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Title: Media and modernity : the influence of the missionary press in late Qing dynasty China
Author: Zhang, Tao.
ISNI:       0000 0001 2435 7862
Awarding Body: Nottingham Trent University ;
Current Institution: Nottingham Trent University
Date of Award: 2004
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The aim of the thesis is to trace the contours of the emergence of the modern Chinese press from its origins in the western Christian missionary press in the late 19th century. The study analyses the subsequent transformations this brought about in Chinese culture and society - its transition to modernity - and explores some of the consequences of this for the situation the Chinese media face today. I attempt to show that the development of modern print journalism - from the missionary press to the Chinese 'gentry-scholars' press - was an integral part of the rise of modern Chinese society. Drawing on theoretical approaches provided by western theorists - Anthony Giddens, Harold Innis, Antonio Gramsci and, most significantly, JUrgen Haberrnas - the study firstly builds a theoretical framework for the investigation of the missionary press's contribution to the shaping of early modernity in China. As a prelude to the analysis of the impact of the western missionary press, the study next sketches the history of the imperial press and the related social structure of traditional China. Then, the picture of an emergent modern Chinese press is drawn, focusing on the case study of 'WGGB', the most influential missionary journal in the late 19th century. With these historical data, the study applies the theoretical framework to scrutinize the profound influences of the missionary press from four perspectives: a new sense of time-space and cosmology; innovation in printing technology; a changing sense of national identity; and the rise of 'the scholars' public sphere'. However the study does not assume the missionary press to be the sale agency of modern transformation for the Chinese press and the 'scholar-gentry' class. Rather, it probes the role which Confucian tradition played in China's transition to modernity. A critical assessment is also offered to deal with the controversies and complexities aroused by the notion of 'cultural imperialism' on the missionary enterprises, including the press, in the 19th century. Finally, the study concludes that the 19th century missionary press, though it produced enormous influences upon Chinese society and particularly the gentry scholars, failed to establish the liberty of the press as a sustainable institution. Over a century, Chinese intellectuals are still seeking for a free press in the tug between Chinese tradition and western modernity.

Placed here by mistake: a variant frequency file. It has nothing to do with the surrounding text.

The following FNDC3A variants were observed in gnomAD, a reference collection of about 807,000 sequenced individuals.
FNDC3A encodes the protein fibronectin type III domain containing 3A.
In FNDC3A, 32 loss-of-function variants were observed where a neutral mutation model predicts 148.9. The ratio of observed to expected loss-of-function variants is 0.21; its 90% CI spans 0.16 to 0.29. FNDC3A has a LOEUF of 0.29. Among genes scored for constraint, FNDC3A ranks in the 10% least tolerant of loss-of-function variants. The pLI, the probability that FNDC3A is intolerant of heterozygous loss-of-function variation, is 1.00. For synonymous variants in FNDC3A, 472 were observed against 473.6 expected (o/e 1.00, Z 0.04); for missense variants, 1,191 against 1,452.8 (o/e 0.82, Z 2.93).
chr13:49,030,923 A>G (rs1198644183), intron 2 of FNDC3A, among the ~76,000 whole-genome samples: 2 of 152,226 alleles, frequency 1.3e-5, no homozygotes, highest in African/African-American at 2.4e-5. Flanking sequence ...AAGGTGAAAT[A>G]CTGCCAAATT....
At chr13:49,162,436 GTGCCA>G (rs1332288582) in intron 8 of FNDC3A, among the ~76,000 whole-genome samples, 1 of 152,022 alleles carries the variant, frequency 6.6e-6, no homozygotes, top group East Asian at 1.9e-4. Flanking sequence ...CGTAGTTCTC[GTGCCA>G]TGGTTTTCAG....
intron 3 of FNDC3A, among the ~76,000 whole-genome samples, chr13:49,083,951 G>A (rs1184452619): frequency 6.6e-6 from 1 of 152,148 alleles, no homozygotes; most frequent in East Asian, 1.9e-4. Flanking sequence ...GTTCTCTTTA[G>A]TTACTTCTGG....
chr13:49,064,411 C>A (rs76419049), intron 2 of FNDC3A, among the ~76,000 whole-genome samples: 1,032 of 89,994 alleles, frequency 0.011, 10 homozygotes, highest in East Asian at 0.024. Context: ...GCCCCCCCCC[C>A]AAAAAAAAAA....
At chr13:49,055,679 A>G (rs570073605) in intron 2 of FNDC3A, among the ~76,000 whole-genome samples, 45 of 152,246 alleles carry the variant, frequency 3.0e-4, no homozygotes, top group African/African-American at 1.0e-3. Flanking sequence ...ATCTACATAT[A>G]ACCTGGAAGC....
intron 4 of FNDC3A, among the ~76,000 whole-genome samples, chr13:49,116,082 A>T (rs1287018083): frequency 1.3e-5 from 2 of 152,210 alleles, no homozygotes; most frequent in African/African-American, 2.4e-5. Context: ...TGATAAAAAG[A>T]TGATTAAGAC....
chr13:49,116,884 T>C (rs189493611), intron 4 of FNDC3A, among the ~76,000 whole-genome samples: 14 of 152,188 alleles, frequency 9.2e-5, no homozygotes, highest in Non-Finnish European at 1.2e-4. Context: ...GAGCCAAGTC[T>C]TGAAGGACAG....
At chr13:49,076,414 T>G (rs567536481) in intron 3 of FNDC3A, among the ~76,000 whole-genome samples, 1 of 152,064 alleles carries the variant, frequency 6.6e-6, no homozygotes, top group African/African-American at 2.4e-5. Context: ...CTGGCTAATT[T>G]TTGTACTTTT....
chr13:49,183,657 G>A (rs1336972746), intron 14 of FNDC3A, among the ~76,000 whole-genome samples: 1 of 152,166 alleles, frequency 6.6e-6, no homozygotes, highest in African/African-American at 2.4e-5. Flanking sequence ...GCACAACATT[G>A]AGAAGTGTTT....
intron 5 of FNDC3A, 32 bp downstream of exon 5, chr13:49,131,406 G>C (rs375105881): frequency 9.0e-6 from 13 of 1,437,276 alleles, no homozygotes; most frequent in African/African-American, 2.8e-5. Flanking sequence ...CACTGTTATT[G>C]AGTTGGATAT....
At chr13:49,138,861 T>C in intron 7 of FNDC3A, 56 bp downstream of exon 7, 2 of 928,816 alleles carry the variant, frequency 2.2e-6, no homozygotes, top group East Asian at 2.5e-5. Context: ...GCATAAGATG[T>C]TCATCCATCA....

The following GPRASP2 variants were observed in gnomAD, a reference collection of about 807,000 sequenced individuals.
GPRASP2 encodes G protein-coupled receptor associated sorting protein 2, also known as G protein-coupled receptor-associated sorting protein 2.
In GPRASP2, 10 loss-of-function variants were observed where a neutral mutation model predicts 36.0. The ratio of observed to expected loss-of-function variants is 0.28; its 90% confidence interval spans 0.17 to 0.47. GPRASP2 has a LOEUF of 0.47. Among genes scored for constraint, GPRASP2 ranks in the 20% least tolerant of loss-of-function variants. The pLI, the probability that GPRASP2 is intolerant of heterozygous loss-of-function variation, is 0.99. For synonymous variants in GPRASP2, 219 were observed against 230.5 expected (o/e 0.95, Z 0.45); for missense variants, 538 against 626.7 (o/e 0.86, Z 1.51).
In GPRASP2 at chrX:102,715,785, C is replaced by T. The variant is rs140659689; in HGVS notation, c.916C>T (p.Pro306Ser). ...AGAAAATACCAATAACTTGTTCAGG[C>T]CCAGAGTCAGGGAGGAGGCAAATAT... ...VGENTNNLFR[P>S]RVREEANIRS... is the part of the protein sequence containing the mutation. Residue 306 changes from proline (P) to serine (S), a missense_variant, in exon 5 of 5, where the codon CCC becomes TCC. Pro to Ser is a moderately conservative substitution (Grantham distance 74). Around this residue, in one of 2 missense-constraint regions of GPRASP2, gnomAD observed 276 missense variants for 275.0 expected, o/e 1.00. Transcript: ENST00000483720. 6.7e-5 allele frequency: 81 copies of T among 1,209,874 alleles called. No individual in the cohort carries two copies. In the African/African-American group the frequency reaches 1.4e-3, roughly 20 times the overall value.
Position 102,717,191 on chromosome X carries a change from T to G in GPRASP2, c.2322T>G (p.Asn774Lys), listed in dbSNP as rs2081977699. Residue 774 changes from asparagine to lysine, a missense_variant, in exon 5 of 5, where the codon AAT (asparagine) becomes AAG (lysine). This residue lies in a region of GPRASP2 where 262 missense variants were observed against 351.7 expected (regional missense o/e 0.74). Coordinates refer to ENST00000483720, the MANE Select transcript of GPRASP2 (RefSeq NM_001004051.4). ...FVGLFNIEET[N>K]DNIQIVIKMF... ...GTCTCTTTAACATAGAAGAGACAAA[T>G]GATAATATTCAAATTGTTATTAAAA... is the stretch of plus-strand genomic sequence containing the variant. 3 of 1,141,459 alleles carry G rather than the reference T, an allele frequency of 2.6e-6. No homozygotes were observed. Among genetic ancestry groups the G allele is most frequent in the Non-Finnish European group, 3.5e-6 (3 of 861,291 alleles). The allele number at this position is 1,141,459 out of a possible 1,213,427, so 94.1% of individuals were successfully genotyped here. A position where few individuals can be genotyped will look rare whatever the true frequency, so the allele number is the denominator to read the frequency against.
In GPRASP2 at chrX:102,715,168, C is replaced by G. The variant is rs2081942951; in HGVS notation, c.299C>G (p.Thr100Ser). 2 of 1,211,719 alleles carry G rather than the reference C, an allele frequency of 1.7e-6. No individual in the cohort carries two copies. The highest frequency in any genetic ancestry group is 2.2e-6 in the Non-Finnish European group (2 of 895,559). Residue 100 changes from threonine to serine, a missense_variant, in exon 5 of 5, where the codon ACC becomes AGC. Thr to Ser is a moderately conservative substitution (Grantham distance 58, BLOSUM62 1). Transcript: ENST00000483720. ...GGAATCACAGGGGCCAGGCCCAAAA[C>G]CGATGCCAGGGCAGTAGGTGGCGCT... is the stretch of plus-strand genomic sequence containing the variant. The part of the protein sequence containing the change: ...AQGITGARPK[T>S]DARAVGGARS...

Supervisor: Not available Sponsor: Not available
Qualification Name: Thesis (Ph.D.) Qualification Level: Doctoral
EThOS ID:  DOI: Not available